CONTINUED FROM - COVID-19 Diaries - Day 19 of Lockdown
Charity v/s Sharing
13 April 2020
In continuation to yesterday's episode, this morning, I asked Upendar if he had received any document from his village. He told me that after some contemplation, he has decided against traveling. His family had suggested him to stay back, as returning home did not seem like a feasible idea. First, he had to find a way to return home, which might take him at least a week, if not more. Even by train, they take 4 days to reach their village. Then, he will be in quarantine for 14 days in the village school. By then, the final rites of his daughter would be complete. So, considering this and all the other difficulties that he might have to face along his way back, the family decided against his travel.
I called my student’s uncle who had some food supply to share. He arrived with some grocery that would suffice the labourers for at least ten days. There was a commotion out there when my student’s uncle met his friend from the apartment opposite to ours. This friend of his was loud-mouthed and together, they began to abuse the labourer's owner for not helping them. I was a bit worried that the owner might listen to this and cause trouble to the workers by asking them to vacate. I asked them to let it go.
Then, the friend wanted to show off a bit. He called our watchman and made him tell how he offers them tea and snacks every evening. "Do I take any money from you guys for that?", he asked our watchman to which the latter shook his head. The friend then asked the workers why they never came out and that he did not even know they existed. All this boasting seemed extremely weird to me. I thanked my student’s uncle for his generosity and dispersed the crowd.
Later that day, head constable Sriramalu called me. Sriramalu had helped us extensively during the mugging case. He has now become a good friend of mine. He told me that they were running out of good quality masks and jokingly asked me if I could buy him some from Bangalore. Well, with the lockdown, that seems impossible. I told him the story of Upendar and asked him if there was any chance of him being able to travel even after getting the pass. Sriramalu told me that it would be difficult as he shall have to hire a private vehicle to reach his village which is more than 2000 km away and that would be very expensive. "Video cameras are helpful during such events to view the final rites", he added. Indeed!
That evening we had an interesting class on subaltern studies. Mam introduced the topic and narrated a few examples. She mentioned about a Facebook post that she had read only a day ago. Someone had posted a story about their charity work during the pandemic. When they had gone to supply grocery to the poor, the poor had asked them - "Sir, food is fine, but what about the jobs? we have none." Someone had replied arrogantly to this post calling these poor ungrateful. "Even when you feed them they aren't happy and ask for something more", the reply was something in those lines. This in itself is a very elitist attitude.
We tend to help people based on our opinions and thoughts on their situation. But we fail to understand their perspective. We tend to believe that if we feed the poor, their basic needs are met, and therefore, they shall remain satisfied. But, do we make an effort to put ourselves in their shoes and try to understand what they really want? Does their self-respect allow them to keep accepting our charity? Or do they want to earn their living, without relying on others?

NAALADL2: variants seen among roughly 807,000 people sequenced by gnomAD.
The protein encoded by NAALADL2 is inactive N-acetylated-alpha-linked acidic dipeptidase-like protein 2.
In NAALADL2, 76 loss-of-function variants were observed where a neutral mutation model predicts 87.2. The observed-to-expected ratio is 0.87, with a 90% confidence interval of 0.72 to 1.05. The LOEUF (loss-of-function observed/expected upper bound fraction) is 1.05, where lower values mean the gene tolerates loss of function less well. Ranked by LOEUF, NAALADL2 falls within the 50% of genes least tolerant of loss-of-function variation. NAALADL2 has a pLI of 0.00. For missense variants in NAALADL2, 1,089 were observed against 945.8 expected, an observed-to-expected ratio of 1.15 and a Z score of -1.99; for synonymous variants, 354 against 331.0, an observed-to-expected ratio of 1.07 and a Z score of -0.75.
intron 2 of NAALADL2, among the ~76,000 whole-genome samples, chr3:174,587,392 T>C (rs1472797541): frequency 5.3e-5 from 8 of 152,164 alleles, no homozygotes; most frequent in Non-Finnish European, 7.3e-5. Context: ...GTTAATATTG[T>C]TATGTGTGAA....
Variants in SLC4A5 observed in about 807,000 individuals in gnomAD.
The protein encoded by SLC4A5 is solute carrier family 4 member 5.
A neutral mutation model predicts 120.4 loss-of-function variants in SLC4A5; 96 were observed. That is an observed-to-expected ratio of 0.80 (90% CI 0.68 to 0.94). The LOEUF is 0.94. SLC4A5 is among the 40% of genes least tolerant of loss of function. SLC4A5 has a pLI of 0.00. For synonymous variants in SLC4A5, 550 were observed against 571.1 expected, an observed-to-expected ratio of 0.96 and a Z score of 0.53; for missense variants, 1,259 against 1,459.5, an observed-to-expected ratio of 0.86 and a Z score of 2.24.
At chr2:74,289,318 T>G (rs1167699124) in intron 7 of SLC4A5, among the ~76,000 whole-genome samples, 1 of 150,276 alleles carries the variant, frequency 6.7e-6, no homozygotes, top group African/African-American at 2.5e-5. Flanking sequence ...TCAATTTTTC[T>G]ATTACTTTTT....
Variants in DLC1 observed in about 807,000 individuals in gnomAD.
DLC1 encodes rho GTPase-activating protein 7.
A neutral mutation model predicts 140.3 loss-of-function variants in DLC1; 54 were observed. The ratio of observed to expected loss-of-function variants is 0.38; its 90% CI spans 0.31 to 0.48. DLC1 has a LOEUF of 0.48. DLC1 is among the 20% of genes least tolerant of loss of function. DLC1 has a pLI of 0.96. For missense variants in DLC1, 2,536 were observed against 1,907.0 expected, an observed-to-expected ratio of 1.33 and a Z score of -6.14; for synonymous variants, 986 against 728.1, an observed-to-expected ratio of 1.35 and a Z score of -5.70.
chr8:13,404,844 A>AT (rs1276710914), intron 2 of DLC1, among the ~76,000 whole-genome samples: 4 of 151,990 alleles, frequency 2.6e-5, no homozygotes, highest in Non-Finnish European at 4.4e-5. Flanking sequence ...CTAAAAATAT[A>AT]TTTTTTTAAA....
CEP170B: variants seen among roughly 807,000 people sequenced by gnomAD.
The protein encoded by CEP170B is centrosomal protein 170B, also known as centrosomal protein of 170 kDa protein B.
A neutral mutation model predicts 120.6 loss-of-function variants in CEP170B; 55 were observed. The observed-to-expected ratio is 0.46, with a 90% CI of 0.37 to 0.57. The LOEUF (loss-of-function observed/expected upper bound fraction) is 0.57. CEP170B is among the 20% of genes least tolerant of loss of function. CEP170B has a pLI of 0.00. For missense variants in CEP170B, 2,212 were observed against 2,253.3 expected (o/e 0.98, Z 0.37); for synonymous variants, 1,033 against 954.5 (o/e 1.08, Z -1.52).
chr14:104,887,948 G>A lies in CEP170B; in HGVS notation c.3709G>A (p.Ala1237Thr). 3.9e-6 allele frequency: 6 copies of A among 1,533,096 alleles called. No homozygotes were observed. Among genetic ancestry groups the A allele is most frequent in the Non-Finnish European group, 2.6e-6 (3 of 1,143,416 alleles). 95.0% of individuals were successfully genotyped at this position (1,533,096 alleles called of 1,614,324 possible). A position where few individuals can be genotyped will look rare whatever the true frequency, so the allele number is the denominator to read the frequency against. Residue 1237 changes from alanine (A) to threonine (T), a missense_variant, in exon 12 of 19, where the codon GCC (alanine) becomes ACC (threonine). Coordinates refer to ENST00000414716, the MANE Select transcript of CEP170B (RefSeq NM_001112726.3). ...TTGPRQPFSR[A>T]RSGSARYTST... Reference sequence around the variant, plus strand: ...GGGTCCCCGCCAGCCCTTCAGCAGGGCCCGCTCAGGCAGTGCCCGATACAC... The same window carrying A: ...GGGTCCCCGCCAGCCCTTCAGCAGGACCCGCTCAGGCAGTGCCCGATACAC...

We also discussed the concept of Dhaana (Charity), which is prevalent in the current times. People are posting pictures of how they are helping the poor, and some, like that man from the apartment opposite to ours, want to brag about their petty favours. Mam clarified that Dhaana is a Brahmical or upper caste concept. We offer something as charity because we have an excess of it. But on the other hand, when a Dalit feeds a dog, he considers it as sharing of his possessions and not as charity. This struck me really hard.
Coming from a Brahmin family, I have seen this word being heavily abused. I have often been sceptical about this idea of Dhaana that lacked empathy. We often speak of Dhaana as a matter of pride. It is also an act of redemption. We go to the extent of calling the act of giving away used clothes as charity. It is also believed that our problems and difficulties would be transferred to the one receiving our used products. Even the idea of helping others, may give rise to a certain arrogance in people.
On the other hand, when Hanumma, a daily labourer living near my house in Surathkal, gives us some pulses that she has harvested from her fields, she does not consider it as charity. She is only sharing her produce with us. Therefore, it is not sympathy that we need to acquire, but empathy. This class gave a lot of clarity and comfort to me as I had been struggling to arrive at a solid conclusion to the doubts I had about these practices.
When Sugreev thanked me for my help and told me that he shall remember my favour for the rest of his life, I thought to myself - I am just sharing what I have and that is my duty. Hence, through the subaltern's perpective, we can understand the subtle flaws in our own behaviours as the privileged. This clarity of thought, I believe, will allow us to be an empathetic individual.
CONTINUED HERE - COVID-19 Diaries - Day 24 of Lockdown
CONTINUED HERE - COVID-19 Diaries - Day 24 of Lockdown